The health care contributions paid by Luzerne County government employees have come up as part of council’s 2018 budget discussions.
Last week, Councilman Edward Brominski proposed non-union employees hired in the future start paying 30 percent. That amount also should be a new target as union contracts are negotiated, he said.
Non-union employees have been paying 10 percent toward health care since 2014.
Most union workers pay 10 percent, but there are exceptions. Some pay less, and a few pay 12 percent or 15 percent.
Brominski’s proposal did not advance because the solicitor’s office is reviewing council’s authority to impose such a change under the home rule government implemented in 2012.
Councilwoman Kathy Dobash has requested another health care budget amendment on Tuesday’s budget work session, suggesting a gradual conversion of all 300 or so current non-union employees and elected officials to a 20 percent contribution.
The elected officials would be the controller and district attorney.
Specifically, Dobash proposes 2 percent increases annually, starting with 12 percent contributions in 2018.
Councilman Stephen A. Urban argued an increase is overdue, saying the implementation of a 10 percent non-union employee contribution was enacted by prior commissioners more than a decade ago.
This year’s contributions deducted every two weeks for employees at 10 percent contributions: single, $30.27; parent/child, $42.38; parent/children, $60.24; husband/wife, $72.35; and family, $83.25.
The payments run from $36.33 to $99.90, depending on the coverage type, for employees at 12 percent. The range is $45.41 to $124.88 for those contributing 15 percent.
Even if percentages don’t change, employee contributions in all categories except single coverage are expected to rise next year due to increasing costs and an assessment of claims, the administration said.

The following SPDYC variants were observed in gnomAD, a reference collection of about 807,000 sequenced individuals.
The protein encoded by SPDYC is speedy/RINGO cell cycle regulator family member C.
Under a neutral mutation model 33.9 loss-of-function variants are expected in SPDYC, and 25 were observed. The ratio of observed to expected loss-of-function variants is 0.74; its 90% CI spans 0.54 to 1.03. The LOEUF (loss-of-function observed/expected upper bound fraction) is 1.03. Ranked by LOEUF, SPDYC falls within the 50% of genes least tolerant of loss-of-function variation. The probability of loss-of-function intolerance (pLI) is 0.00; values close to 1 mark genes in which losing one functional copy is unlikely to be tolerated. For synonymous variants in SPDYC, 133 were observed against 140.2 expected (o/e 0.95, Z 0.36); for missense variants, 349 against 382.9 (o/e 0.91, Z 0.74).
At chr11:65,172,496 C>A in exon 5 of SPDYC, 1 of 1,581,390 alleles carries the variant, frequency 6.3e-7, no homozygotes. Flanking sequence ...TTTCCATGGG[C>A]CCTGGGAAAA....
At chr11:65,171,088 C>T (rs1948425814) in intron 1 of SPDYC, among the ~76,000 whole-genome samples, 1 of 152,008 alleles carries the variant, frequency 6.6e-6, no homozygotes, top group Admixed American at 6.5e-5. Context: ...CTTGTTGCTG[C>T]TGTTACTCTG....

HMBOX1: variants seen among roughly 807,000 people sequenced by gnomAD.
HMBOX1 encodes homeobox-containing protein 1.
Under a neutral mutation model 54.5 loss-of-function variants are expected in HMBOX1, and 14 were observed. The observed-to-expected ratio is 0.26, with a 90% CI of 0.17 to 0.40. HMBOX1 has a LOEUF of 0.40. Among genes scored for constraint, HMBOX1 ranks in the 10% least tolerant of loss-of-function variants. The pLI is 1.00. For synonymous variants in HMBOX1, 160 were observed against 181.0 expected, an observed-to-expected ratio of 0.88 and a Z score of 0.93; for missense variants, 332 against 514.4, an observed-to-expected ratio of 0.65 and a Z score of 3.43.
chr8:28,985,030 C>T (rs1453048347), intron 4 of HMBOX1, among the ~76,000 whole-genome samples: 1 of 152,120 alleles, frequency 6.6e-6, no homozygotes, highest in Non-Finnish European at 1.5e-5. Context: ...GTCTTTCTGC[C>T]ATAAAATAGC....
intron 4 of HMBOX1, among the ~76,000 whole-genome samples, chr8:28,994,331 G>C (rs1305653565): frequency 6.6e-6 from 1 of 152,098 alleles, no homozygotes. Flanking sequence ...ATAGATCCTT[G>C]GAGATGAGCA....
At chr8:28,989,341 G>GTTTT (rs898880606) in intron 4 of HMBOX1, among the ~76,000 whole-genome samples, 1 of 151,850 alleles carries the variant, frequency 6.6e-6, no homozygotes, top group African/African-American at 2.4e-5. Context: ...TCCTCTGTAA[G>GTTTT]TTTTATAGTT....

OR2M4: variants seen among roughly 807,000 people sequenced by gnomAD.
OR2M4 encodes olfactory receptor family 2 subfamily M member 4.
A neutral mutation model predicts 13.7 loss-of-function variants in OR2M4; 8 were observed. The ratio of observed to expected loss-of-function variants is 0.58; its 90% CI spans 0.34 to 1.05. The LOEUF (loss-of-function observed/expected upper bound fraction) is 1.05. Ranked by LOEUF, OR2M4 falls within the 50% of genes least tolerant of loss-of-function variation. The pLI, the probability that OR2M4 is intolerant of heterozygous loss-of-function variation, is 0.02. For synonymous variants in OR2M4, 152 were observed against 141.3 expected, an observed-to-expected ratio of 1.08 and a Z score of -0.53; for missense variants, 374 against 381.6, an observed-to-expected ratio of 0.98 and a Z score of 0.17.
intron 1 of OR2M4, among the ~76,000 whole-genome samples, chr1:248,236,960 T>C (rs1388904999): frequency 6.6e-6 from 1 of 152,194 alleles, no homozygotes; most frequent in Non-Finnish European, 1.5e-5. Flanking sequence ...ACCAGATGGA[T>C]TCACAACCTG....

The county budgeted $11.27 million for health insurance in 2018, an increase of $700,000.
For example, employees with family coverage at 12 percent contributions are expected to pay $103.56 per pay next year, an increase of $3.66.
Three groups of unionized employees are currently at 15 percent contributions, all represented by the American Federation of State, County and Municipal Employees, known as AFSCME, a review shows:
• Court-appointed support staff workers hired after Jan. 1, 2016.
• Residual unit employees hired after Jan. 1, 2014.
• Court-related workers hired after May 1, 2013.
Only two unions still have the option for fixed payments, as opposed to percentages based on actual costs.
Unionized prison employees currently pay flat amounts or 10 percent, whichever is less. However, the prison union will convert to 10 percent contributions in 2018.
Detectives hired before Jan. 1, 2013, pay $100 per month, while those hired after that date must contribute 12 percent.
A binding arbitration decision on their contract, which expired the end of 2016, is expected soon and may convert detectives to percentages.
The county is currently negotiating five other contracts that expire at the end of this year for the AFSCME residual and court-related unions and three unions covered by Teamsters Local 401 — Children and Youth, Mental Health and Developmental Services and Aging.
The county’s Highmark HMO plan is still more generous than many in the private sector but now includes a $500 deductible — $1,000 for family — that kicks in for many services, officials have said. Emergency room visits are not subject to the deductible, but a $100 copay was added and waived only for those admitted to the hospital.